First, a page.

Landlords have become increasingly savvy at getting their tenants involved, writes Neil Merrick
Every summer, hundreds of council tenants from Kensington & Chelsea gather in a park in west London for games and other entertainment. Among the attractions last July were a circus and an opportunity to train with players from Chelsea Football Club.
But the annual fun day, organised by the council’s tenant management organisation, is about more than just having a good time. As part of the event, a marquee is erected in Holland Park for a conference, where residents discuss the running of the TMO.
Eight of its 15 board members are tenant leaseholders. But Kensington & Chelsea TMO, which became an arm’s-length management organisation four years ago, tries to ensure that tenant involvement runs far deeper than board meetings. Real tenant engagement, beyond box-ticking, is something that all social landlords need to focus on under the new regulatory regime.
Although a few residents question the £15,000 cost of holding the conference and fun day each year, resident involvement manager Jill Brown sees it as an opportunity to reach further into the community.
Training sessions with Chelsea’s footballers is especially appealing to young people - potential tenants of the future. ‘By coming along to something like that, people hear about the other things we do,’ she adds.
Kensington & Chelsea TMO, which manages around 10,000 homes, is more geared up than most social landlords when it comes to tenant participation. But across the country, other local authorities and housing associations are becoming increasingly savvy at making sure that the voice of tenants is not only heard, but acted upon.
In addition to traditional residents’ associations, estate compacts allow tenants in Kensington & Chelsea to raise concerns. It also operates a residents’ panel, which scrutinises the TMO through activities such as mystery shopping.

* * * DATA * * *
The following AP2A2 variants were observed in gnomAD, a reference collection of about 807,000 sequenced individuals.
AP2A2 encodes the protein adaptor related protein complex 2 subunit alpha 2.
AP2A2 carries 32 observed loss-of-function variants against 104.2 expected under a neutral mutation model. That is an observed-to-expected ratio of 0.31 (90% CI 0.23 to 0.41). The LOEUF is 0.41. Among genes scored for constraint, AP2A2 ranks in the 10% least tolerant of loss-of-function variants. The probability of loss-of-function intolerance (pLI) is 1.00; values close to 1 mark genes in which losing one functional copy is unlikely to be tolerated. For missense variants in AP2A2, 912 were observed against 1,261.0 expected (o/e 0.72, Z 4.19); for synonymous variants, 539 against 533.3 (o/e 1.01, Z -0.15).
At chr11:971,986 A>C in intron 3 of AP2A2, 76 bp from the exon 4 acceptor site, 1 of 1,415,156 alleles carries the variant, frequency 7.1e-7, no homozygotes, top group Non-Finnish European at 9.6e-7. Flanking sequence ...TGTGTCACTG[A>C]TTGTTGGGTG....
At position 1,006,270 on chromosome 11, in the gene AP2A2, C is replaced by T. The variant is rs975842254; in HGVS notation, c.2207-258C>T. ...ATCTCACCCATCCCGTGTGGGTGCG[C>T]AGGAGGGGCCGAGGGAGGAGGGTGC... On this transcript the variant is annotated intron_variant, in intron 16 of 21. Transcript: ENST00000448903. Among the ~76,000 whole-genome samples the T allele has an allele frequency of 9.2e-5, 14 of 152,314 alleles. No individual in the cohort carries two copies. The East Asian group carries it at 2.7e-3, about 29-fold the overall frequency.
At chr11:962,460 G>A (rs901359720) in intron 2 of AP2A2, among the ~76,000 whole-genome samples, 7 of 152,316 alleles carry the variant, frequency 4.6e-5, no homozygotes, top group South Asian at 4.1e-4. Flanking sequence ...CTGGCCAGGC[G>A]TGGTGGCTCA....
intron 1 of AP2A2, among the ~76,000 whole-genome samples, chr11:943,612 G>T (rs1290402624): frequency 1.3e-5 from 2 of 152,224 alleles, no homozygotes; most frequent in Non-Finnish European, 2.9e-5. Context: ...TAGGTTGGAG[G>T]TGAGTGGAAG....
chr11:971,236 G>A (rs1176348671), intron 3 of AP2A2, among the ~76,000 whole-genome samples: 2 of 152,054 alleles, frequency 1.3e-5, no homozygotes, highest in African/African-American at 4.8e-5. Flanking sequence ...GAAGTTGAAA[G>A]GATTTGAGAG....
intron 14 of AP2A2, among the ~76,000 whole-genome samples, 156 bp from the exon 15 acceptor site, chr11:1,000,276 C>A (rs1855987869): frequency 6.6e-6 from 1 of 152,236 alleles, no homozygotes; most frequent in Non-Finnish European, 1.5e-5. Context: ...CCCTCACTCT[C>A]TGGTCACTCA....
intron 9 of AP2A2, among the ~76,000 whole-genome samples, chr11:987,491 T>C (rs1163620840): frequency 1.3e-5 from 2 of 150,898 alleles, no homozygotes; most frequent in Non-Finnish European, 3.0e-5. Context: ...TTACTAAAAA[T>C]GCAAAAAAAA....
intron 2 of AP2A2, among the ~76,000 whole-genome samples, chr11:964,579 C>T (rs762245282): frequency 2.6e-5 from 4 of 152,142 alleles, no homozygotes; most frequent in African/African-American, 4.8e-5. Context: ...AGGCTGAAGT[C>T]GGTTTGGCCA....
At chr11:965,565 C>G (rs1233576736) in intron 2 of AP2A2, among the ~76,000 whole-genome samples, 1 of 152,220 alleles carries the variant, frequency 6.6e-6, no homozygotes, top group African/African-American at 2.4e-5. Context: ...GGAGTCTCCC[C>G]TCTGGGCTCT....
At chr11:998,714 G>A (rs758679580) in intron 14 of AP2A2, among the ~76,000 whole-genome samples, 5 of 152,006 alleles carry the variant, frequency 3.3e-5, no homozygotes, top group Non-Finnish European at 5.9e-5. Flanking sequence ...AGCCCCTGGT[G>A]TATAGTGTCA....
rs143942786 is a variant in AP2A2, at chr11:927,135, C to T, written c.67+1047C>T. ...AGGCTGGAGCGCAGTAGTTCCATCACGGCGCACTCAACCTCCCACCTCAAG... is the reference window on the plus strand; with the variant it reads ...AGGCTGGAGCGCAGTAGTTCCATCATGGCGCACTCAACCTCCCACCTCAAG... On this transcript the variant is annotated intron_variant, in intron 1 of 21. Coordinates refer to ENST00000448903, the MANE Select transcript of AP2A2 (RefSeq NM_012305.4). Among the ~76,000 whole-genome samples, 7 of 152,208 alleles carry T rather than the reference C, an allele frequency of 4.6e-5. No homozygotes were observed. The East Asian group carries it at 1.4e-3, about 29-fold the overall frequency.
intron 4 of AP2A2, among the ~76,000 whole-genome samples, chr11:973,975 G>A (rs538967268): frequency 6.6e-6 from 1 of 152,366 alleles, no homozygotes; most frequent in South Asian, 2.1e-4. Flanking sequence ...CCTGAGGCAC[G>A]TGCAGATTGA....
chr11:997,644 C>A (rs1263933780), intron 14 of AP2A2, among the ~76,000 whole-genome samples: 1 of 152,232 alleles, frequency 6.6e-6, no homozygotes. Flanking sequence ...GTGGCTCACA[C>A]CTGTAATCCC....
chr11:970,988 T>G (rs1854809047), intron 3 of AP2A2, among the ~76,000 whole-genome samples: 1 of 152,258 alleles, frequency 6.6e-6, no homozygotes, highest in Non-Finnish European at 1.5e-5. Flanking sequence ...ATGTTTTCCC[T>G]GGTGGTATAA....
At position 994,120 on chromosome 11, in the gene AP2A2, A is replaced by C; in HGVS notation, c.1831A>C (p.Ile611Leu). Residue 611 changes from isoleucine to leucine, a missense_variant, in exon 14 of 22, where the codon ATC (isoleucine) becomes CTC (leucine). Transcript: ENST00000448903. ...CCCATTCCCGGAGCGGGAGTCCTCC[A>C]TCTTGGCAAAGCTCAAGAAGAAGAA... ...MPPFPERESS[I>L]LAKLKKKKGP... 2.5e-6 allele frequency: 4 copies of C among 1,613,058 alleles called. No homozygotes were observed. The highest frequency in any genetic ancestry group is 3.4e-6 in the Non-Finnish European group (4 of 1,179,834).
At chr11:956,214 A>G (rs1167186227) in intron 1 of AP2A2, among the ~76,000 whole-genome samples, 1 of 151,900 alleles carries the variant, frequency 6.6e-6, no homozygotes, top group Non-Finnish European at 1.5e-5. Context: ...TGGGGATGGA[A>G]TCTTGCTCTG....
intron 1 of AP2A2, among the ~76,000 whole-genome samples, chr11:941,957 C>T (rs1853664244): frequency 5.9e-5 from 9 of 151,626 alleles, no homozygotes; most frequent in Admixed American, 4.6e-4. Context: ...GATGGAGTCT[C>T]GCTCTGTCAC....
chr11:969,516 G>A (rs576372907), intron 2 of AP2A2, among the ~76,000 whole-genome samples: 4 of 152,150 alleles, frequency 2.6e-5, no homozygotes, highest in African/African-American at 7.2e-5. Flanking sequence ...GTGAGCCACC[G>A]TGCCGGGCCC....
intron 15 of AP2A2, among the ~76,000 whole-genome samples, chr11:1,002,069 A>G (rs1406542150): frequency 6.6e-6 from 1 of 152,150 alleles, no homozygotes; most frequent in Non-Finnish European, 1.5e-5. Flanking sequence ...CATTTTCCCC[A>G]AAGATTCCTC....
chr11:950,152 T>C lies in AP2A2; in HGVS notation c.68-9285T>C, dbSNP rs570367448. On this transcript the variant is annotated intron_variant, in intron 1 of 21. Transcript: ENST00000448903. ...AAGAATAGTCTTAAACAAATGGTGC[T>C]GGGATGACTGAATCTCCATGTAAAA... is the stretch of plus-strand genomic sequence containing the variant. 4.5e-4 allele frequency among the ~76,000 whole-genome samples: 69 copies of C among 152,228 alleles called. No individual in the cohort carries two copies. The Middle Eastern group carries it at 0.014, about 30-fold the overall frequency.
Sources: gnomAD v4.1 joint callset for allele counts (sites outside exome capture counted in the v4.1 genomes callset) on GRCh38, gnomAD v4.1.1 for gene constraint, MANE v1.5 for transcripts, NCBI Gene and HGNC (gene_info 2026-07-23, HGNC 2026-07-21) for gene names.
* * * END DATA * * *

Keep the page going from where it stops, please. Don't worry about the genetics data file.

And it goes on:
Residents taking a National Certificate in tenant participation and housing regeneration at Lewisham College can apply to have their fees paid by the TMO. At least one tenant who gained the certificate opted to join an estate management board, while others use it as a route to jobs in housing. ‘It depends on what interests people,’ says Ms Brown.
Orbit Heart of England Housing Association also sees family events as an opportunity to win over residents and get them to play a more active role. Twelve months ago, neighbourhood forum meetings in Leamington Spa and Warwick were attended by a hardcore of about 20 older residents.
At the start of 2008, the association began to run pop art, crazy golf and other events. As well as acting as an icebreaker for neighbourhood managers when they visited families on estates, the events led to young residents attending forum meetings, occasionally with children.
‘It has helped to bring in some new blood,’ says district housing services manager Lucy Lilburn. ‘We still only get 20 to 30 people [at each meeting], but they are more representative of the community.’ Tenants are more likely to complain about the condition of communal areas or attend estate inspections. ‘They say how much more approachable we’ve become.’
It is four years since Cross Keys Homes set up four residents’ panels to help decide how its money should be spent in different parts of Peterborough. Prior to recruiting tenants, the association drew up neighbourhood plans and ran a series of roadshows and exhibitions.